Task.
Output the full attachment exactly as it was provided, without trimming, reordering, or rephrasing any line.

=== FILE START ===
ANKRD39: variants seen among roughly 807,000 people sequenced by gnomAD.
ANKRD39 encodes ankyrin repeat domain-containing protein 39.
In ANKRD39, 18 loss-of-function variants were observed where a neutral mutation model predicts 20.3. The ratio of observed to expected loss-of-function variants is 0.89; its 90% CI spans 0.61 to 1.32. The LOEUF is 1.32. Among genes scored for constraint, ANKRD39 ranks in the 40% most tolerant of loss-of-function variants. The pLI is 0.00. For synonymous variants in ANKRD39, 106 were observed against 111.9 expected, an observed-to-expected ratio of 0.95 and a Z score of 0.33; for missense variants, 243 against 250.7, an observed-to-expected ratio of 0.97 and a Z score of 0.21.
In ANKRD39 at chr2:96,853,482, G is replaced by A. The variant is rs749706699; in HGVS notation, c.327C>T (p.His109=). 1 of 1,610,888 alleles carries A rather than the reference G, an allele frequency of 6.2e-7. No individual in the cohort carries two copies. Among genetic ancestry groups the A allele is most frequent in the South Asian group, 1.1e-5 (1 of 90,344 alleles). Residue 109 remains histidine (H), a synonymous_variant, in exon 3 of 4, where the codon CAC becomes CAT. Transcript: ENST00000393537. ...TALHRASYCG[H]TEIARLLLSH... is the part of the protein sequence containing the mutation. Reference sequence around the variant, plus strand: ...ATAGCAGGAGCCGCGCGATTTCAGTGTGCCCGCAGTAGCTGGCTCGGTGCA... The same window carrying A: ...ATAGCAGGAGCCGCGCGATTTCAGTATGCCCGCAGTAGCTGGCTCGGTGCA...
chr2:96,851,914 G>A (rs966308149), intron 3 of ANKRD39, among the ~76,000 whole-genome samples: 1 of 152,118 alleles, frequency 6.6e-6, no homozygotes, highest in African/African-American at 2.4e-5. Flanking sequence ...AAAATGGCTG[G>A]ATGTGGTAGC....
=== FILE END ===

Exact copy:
ANKRD39: variants seen among roughly 807,000 people sequenced by gnomAD.
ANKRD39 encodes ankyrin repeat domain-containing protein 39.
In ANKRD39, 18 loss-of-function variants were observed where a neutral mutation model predicts 20.3. The ratio of observed to expected loss-of-function variants is 0.89; its 90% CI spans 0.61 to 1.32. The LOEUF is 1.32. Among genes scored for constraint, ANKRD39 ranks in the 40% most tolerant of loss-of-function variants. The pLI is 0.00. For synonymous variants in ANKRD39, 106 were observed against 111.9 expected, an observed-to-expected ratio of 0.95 and a Z score of 0.33; for missense variants, 243 against 250.7, an observed-to-expected ratio of 0.97 and a Z score of 0.21.
In ANKRD39 at chr2:96,853,482, G is replaced by A. The variant is rs749706699; in HGVS notation, c.327C>T (p.His109=). 1 of 1,610,888 alleles carries A rather than the reference G, an allele frequency of 6.2e-7. No individual in the cohort carries two copies. Among genetic ancestry groups the A allele is most frequent in the South Asian group, 1.1e-5 (1 of 90,344 alleles). Residue 109 remains histidine (H), a synonymous_variant, in exon 3 of 4, where the codon CAC becomes CAT. Transcript: ENST00000393537. ...TALHRASYCG[H]TEIARLLLSH... is the part of the protein sequence containing the mutation. Reference sequence around the variant, plus strand: ...ATAGCAGGAGCCGCGCGATTTCAGTGTGCCCGCAGTAGCTGGCTCGGTGCA... The same window carrying A: ...ATAGCAGGAGCCGCGCGATTTCAGTATGCCCGCAGTAGCTGGCTCGGTGCA...
chr2:96,851,914 G>A (rs966308149), intron 3 of ANKRD39, among the ~76,000 whole-genome samples: 1 of 152,118 alleles, frequency 6.6e-6, no homozygotes, highest in African/African-American at 2.4e-5. Flanking sequence ...AAAATGGCTG[G>A]ATGTGGTAGC....